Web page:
On Stage in Natomas: The Laramie Project


THE NATOMAS BUZZ | @natomasbuzz

In October of 1998, the university town of Laramie, Wyoming made headlines nationwide when a young man was murdered for being gay.

The following month, Moisés Kaufman and members of the New York based Tectonic Theater Project conducted more than 200 interviews with Laramie’s residents. The result was The Laramie Project, which opened Thursday, March 27 at the Black Box Theatre in Natomas.

The Natomas Charter School did not shy away from the opportunity to present this award-winning work which continues to be one of the most-performed plays in the country. The non-traditional structure works more like a montage or ensemble, bringing together many voices and stories. The main character is Laramie’s residents following the murder of twenty-one year old Matthew Shepard in October of 1998.

While Shepard is at the center of the play, his voice is never heard and he is never seen. What is learned about him, the events of October 7 and the following months comes from the voices and words of people who had contact with him and people who never met him. It is the story of what happened in Laramie, why it happened in Laramie and how the town’s residents react.

Richard Gott directs.

The play is, he said, an “examination of hatred.” Hate, he added, is a living thing that – if fed – will grow.

“It is about freedom and the ability to be who you are in America in the 21st century,” said Gott.

Gott’s changes to Kaufman’s original production include pre-show music, beginning at 6:30 p.m., set in a bar on open-mic night. Leading into the 7 p.m. production is a performance of The Allman Brothers Band’s “Ramblin’ Man.”

The idea to include the band came from senior Nick Vegas. In addition to familiar tunes, the band performs original music created by Vegas. The accompanying “soundscape,” was also designed by the senior and adds an underlying texture which enhances the thought- and discussion-provoking play.

Gott’s production of The Laramie Project was rewarded with silver for One-Act Play Production at the 2014 Leneaea High School Theatre Festival. The festival is the largest high school drama competition in the western United States. Rebel Samuelson, who portrays Matthew Shepard’s father, was awarded Outstanding Performance in a One-Act Play.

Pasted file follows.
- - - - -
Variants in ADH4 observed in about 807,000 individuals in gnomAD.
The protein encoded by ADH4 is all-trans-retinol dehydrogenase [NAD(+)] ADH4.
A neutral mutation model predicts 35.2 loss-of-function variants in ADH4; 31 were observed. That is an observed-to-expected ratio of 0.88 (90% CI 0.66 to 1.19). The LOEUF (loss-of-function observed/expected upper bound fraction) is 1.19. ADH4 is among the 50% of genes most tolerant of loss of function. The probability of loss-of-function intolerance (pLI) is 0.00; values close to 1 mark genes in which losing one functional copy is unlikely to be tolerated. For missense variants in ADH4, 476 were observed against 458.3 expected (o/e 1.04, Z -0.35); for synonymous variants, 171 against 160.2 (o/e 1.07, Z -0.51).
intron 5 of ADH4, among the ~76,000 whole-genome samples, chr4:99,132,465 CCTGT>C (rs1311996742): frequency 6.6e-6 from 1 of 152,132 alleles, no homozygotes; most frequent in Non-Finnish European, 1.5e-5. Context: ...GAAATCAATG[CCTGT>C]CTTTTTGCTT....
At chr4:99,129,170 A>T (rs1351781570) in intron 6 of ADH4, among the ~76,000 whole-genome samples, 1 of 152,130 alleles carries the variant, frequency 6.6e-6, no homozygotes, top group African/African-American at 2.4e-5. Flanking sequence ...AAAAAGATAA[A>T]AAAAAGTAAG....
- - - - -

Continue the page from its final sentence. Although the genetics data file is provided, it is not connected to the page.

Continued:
Samuelson is one of the principal actors and is joined by Marcie Maxey as Aaron Kriefels, Devin DeGuyter as Jedidiah Schultz, Aiden Leo as Matt Galloway, Willie Huggins as Doc and Ashley Rosander as Doctor Cantway. Each is a seasoned actor who recently performed in the Natomas Charter School production of Grease under the direction of Karen Pollard, who is producing The Laramie Project.

The minimalist stage set is comprised of three fences that are well-used. The large cast of more than 20 relates Laramie’s history, provides background about the people who call Laramie home and talks about Shepard and his accused murderers. Throughout, much is learned about the people and their attempts to understand what happened.

There is some lightness in the exchanges between residents and there is a deep sadness in the stories others relate. The words are the words of the people and some blame the town and its residents. Some want to show the world that “Laramie is not that kind of town” and others say that “a hate crime is a hate crime.”

Numerous scenes are emotionally charged.

The cast brings alive the voices of Laramie’s residents in the days, weeks and months that followed Shepard’s beating and death, and the students do so with empathy, skill and the apparent desire to answer the underlying question of what the town’s residents did to lead two young men brutally attack another.

Tickets are available for pre-purchase ($10 – $12) or at the box office on the day of the show ($15 – $17). Scheduled performances are at 7 p.m. tonight, March 28 and tomorrow, March 29 as well as April 3, 4 and 5, 2014.

Black Box Theatre is located at 4600 Blackrock Drive.


  1. Heather Dunn Carlton says

    Credit Due: The opening night production was exceptional and the cast did a phenomenal job tackling this weighty topic. I was disappointed however to see no note of Chazz DiStefano’s roles in the production, most notably his moving portrayal of Aaron McKinney, one of murderers. Chazz’s also sang the opening song, Ramblin’ Man, and is the person in this article’s photo.

    • Thanks for your note, Heather. The reporter was provided information about principal actors and their roles which she used when writing the article.Failure to mention any of the performers by name was not an intentional slight.

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